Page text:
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 < Theme 4: Day and Night (ii) >

 Edmund Spenser

 Selection from Epithalamium >
poem, commentary and criticism

Rubens: Neptune and Cybele

first published in Amoretti and Epithalamium (1595, 43)

Wake now my love, awake; for it is time, 
The Rosy Morne long since left Tithones bed, 
All ready to her silver coche to clyme, 
And Phoebus ‘gins to shew his glorious head. 
Hark how the cheerefull birds do chaunt their lays 
And carroll of love’s praise. 

Tithones : Aurora, the dawn, fell in love with the mortal Tithones, and asked the gods to grant him eternal life. Her wish was granted, but she forgot to ask for eternal youth, and he just kept on getting older.
Coach : silver coche : the sun is conceived as riding in a chariot across the heavens.
Phoebus : the sun : an epithet and then an alternative name for Apollo, referring both to the youthful beauty of the god, and, later, to the radiance of the sun when Apollo became identified with Helios.

The merry Larke her matins sings aloft, 
The thrush replies, the Mavis descant playes,
The Ouzell shrills, the Ruddock warbles soft, 
So goodly all agree with sweet content, 
To this dayes merriment. 

Mavis : song thrush   Ouzell : blackbird   Ruddock : robin

Ah my deere love why doe ye sleepe thus long, 
When meeter were that ye should now awake, 
T’awayt the coming of your joyous make
And hearken to the birds’ lovelearnèd song, 
The dewy leaves among. 

Make : mate 

For they of joy and pleasance to you sing,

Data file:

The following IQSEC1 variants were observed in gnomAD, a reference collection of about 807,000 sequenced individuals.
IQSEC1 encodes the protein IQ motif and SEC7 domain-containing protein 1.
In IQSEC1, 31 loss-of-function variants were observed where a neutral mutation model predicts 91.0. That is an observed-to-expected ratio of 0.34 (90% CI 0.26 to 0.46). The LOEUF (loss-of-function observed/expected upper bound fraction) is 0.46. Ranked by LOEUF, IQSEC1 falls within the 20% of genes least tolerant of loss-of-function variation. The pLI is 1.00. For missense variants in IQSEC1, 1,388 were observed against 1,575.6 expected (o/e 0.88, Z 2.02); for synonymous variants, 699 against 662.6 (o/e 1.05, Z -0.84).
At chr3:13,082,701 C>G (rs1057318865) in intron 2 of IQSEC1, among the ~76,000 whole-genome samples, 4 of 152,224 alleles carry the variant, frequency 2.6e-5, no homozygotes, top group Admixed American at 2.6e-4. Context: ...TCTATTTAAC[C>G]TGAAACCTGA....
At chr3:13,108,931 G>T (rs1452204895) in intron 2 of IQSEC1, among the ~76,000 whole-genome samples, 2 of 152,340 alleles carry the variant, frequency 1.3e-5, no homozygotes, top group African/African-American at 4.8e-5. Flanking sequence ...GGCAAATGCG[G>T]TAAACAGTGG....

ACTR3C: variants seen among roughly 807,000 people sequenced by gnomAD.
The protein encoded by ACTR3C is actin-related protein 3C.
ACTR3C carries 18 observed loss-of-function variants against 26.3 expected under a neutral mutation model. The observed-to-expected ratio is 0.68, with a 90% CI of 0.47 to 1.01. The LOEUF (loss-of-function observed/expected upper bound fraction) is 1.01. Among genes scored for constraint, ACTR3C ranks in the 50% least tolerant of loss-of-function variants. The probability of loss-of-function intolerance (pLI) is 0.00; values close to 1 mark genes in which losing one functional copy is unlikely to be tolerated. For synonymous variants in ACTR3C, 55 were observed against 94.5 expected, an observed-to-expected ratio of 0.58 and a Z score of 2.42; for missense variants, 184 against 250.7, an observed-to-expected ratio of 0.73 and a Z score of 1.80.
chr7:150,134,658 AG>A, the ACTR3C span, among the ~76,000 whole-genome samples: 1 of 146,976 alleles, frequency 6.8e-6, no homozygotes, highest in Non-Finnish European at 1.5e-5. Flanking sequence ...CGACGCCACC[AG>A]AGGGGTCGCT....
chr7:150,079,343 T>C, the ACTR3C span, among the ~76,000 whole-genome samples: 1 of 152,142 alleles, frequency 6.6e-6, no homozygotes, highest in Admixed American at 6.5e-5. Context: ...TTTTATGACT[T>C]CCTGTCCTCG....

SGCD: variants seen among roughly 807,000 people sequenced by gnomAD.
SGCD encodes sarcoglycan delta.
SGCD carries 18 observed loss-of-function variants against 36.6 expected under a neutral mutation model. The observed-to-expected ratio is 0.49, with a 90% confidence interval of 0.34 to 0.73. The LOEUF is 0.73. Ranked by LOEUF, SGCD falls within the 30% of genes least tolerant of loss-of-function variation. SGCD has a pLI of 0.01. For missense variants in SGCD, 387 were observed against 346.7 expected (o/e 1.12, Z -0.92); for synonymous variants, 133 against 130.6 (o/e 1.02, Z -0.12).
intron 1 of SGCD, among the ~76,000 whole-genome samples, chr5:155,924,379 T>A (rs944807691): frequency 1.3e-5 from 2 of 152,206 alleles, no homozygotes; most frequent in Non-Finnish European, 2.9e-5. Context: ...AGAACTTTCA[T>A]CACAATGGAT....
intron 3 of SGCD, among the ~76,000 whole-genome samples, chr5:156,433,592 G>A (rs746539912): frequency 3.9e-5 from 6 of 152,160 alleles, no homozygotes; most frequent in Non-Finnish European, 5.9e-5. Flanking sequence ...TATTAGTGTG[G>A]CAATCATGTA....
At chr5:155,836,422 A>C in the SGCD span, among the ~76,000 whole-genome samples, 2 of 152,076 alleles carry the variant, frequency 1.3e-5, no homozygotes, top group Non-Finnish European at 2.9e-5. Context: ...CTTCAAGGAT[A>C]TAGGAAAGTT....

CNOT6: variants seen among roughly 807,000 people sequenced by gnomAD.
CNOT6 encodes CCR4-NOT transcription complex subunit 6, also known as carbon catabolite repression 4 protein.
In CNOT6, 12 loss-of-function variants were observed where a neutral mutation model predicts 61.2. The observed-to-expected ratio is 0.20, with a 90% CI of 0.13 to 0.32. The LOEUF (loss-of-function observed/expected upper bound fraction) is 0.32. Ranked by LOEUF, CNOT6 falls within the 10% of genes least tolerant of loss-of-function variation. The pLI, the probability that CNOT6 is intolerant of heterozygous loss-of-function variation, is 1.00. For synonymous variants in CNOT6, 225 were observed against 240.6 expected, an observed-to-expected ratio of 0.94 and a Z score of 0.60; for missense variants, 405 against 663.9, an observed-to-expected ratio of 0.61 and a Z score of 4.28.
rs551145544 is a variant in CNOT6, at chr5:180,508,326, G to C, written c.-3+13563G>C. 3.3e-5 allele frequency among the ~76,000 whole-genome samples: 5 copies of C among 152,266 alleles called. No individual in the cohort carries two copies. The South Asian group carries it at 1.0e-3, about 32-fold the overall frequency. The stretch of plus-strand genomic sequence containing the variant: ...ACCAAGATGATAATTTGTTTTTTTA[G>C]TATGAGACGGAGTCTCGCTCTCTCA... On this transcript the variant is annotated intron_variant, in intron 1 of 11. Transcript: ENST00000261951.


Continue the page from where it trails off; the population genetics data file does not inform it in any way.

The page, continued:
That all the woods them answer and their echo ring. 
My love is now awake out of her dreame, 
And her fayre eyes, like stars that dimmèd were 
With darksome cloud, now shew theyr goodly beams 
More bright then Hesperus his head doth rere.

Hesperus : the evening star.


Commentary and Criticism

It must have been galling to the aristocratic members of the Areopagus centred around that star of the Elizabethan age, Sir Philip Sidney, that Edmund Spenser, the mere son of a weaver, was capable of such poetry with its nicely turned phrases, just conceits, impeccable metre, and delightful sentiments. The bucolic ideal evoked here is well detailed with observation from nature (the birds actually exist), and the conceit that they form a sort of choir singing the matins may not be wholly original, but it is pleasant enough in this context. A little odd, however, is the arrival of Hesperus, the evening star, in the final line. The day may have been pleasant, but it was rather short nonetheless.

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